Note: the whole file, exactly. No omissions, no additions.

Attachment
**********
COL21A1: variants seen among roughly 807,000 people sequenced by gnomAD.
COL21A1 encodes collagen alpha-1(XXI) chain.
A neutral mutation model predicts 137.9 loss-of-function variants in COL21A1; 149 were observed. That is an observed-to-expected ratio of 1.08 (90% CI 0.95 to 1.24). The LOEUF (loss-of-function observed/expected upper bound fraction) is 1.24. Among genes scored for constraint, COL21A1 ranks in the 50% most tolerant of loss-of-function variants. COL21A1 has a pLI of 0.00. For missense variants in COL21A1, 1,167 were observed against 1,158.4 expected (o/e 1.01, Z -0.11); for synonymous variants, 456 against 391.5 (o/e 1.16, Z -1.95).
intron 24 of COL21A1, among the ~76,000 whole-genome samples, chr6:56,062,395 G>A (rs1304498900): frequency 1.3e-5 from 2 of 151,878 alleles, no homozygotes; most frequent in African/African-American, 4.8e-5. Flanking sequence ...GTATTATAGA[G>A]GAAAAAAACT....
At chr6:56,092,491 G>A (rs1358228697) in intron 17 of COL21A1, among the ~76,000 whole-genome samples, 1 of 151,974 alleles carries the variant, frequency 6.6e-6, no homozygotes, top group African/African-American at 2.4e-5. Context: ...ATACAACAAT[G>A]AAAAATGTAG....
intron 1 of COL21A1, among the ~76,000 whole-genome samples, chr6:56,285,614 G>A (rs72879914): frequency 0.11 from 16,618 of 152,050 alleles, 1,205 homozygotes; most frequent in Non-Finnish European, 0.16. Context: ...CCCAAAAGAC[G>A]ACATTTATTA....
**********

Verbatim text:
COL21A1: variants seen among roughly 807,000 people sequenced by gnomAD.
COL21A1 encodes collagen alpha-1(XXI) chain.
A neutral mutation model predicts 137.9 loss-of-function variants in COL21A1; 149 were observed. That is an observed-to-expected ratio of 1.08 (90% CI 0.95 to 1.24). The LOEUF (loss-of-function observed/expected upper bound fraction) is 1.24. Among genes scored for constraint, COL21A1 ranks in the 50% most tolerant of loss-of-function variants. COL21A1 has a pLI of 0.00. For missense variants in COL21A1, 1,167 were observed against 1,158.4 expected (o/e 1.01, Z -0.11); for synonymous variants, 456 against 391.5 (o/e 1.16, Z -1.95).
intron 24 of COL21A1, among the ~76,000 whole-genome samples, chr6:56,062,395 G>A (rs1304498900): frequency 1.3e-5 from 2 of 151,878 alleles, no homozygotes; most frequent in African/African-American, 4.8e-5. Flanking sequence ...GTATTATAGA[G>A]GAAAAAAACT....
At chr6:56,092,491 G>A (rs1358228697) in intron 17 of COL21A1, among the ~76,000 whole-genome samples, 1 of 151,974 alleles carries the variant, frequency 6.6e-6, no homozygotes, top group African/African-American at 2.4e-5. Context: ...ATACAACAAT[G>A]AAAAATGTAG....
intron 1 of COL21A1, among the ~76,000 whole-genome samples, chr6:56,285,614 G>A (rs72879914): frequency 0.11 from 16,618 of 152,050 alleles, 1,205 homozygotes; most frequent in Non-Finnish European, 0.16. Context: ...CCCAAAAGAC[G>A]ACATTTATTA....